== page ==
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Matching Books to Phonics Features

Careful pairing of reading with phonics study gives children a chance to apply what they are learning about letters and sounds to the reading of words and stories.

Key Information



When To Use This Strategy

During reading
After reading

Appropriate Group Size

With small groups
Whole class setting

Why match books to phonics features?

Matching books to phonics features is an effective way to reinforce phonics instruction and provide emerging readers with opportunities to apply their knowledge in context. When selecting texts (books, stories, and poems), consider the phonics features or patterns you are focusing on, and choose texts that contain a large number of words that your students can decode. 

How to match books (and other texts) to phonics features

Identify phonics features: Determine the specific phonics features, patterns, or skills you are teaching — for example, blends, digraphs, vowel patterns, and more.

Assess student needs: Consider the phonics skills and levels of your students. Select books that align with their current abilities and provide appropriate challenges for growth.

Gather your library of books and other texts: Create a list that incorporates the targeted phonics features. This could involve using classroom libraries or online resources that allow you to filter books based on specific phonics elements.

Review book content: Examine the content of each book to ensure it includes lots of words and examples that showcase the targeted phonics features. 

Consider text complexity: Choose books with appropriate text complexity for your students. The goal is to provide a balance between challenging and accessible content to support learning.

Look for pattern practice: Seek books that provide ample opportunities for students to practice the targeted phonics patterns in different contexts. Repetition within the text can reinforce learning.

Incorporate variety: Include a variety of genres and topics to maintain students’ interest. The more your students enjoy the books, the more motivated they will be to apply their phonics skills.

Explore decodable books: Decodable books are designed to align with specific phonics patterns and provide opportunities for students to practice decoding words with the targeted features. Find sources for decodable texts below.

Learn more

Using Picture Books in Phonics Instruction: This blog post shows how one first grade teacher uses Sheep in a Jeep to teach long ‘e’ sounds. Sheep in a Jeep — Teaching Long ‘e’  (opens in a new window)


Collect resources

Free decodable texts aligned with phonics skills!

Decodable texts are carefully sequenced to progressively incorporate words that are consistent with the letter–sound relationships that young readers are learning. Looking for free decodable texts? Use this scope and sequence (from our sister project, Reading Universe) to match a decodable text with the spelling pattern you’re teaching. Free decodable texts for each phonics skill (opens in a new window)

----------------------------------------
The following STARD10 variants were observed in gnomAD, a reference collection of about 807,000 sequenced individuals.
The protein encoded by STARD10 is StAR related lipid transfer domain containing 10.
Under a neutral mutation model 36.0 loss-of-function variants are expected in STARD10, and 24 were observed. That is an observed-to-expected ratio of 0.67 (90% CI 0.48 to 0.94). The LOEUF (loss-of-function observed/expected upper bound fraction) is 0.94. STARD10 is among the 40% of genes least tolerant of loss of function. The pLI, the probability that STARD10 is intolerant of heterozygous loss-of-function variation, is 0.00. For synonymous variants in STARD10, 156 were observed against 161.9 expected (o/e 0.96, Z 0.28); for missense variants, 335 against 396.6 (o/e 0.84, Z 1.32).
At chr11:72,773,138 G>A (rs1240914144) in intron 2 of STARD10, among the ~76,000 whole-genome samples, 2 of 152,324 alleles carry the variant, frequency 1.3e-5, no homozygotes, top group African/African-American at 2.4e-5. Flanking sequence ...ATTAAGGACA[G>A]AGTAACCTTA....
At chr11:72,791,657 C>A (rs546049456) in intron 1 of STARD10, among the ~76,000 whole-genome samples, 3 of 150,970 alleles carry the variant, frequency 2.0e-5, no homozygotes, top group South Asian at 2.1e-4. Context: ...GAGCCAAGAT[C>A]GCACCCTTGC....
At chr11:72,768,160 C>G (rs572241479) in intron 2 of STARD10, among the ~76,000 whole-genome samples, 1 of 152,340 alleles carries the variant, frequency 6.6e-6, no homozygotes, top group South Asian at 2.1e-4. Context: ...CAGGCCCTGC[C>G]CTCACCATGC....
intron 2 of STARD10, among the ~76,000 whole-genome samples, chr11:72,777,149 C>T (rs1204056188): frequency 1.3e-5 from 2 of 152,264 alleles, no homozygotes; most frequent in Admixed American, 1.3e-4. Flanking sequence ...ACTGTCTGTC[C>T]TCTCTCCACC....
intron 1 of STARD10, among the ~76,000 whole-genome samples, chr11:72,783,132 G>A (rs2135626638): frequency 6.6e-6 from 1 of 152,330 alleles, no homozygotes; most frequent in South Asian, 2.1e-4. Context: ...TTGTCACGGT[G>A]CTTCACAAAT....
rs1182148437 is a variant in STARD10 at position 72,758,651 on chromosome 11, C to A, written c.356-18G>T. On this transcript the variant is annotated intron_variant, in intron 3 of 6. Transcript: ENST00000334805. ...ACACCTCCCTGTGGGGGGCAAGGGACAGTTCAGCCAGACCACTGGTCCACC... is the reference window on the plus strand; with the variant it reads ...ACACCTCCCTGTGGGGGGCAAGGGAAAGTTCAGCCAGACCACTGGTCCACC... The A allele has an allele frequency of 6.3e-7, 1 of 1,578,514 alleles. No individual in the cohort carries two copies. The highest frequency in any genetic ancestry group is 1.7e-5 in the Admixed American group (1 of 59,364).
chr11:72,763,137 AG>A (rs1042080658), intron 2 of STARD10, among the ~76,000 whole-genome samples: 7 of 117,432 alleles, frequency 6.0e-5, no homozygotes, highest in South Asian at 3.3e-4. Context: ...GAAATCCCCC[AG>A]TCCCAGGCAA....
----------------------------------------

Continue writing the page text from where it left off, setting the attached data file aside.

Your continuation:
Decodables from publishers

This list of links, compiled by The Reading League, includes decodable text sources for students in grades K-2, 3-8, teens, and all ages. Decodable Text Sources 

UFLI Foundations decodable text guide 

This resource is designed to assist teachers in locating decodable text that aligns with the UFLI Foundations Scope and Sequence (opens in a new window). The UFLI Foundations decodable passages are directly linked, and books from other publishers are listed by title next to the appropriate lesson. UFLI Foundations Decodable Text Guide  (opens in a new window)


Differentiate instruction

For second language learners, students of varying reading skill, and younger learners

  • Use picture books paired with oral instruction for younger and lower skill level students. For example, the teacher can direct the students to point to pictures that begin with a certain sound or end with a particular word family.
  • Create simple classroom books with one or two phonics features and have students look through magazines and catalogs for pictures that contain the feature being studied.
  • Have more advanced student students create their own short “phonics feature” books by using the target phonetic aspect to write complete sentences.

See the research that supports this strategy

Ehri, L. C. (1998). Grapheme-phoneme knowledge is essential for learning to read words in English. In J. L. Metsala & L. C. Ehri (Eds.), Word Recognition in Beginning Literacy (pp.3-40). Mahway, NJ: Erlbaum.

Johnston, F., Invernizzi, M., & Juel, C. (1998). Book Buddies: Guidelines for Volunteer Tutors of Emergent and Early Readers. New York: Guilford Publications.

National Institute of Child Health and Human Development. (2000). Report of the National Reading Panel. Teaching Children to Read: An Evidence-based Assessment of the Scientific Research Literature on Reading and Its Implications for Reading Instruction (NIH Publication No. 00-4769). Washington, DC: U.S. Government Printing Office.

Children’s books to use with this strategy

Topics this strategy is especially helpful for

Phonics and Decoding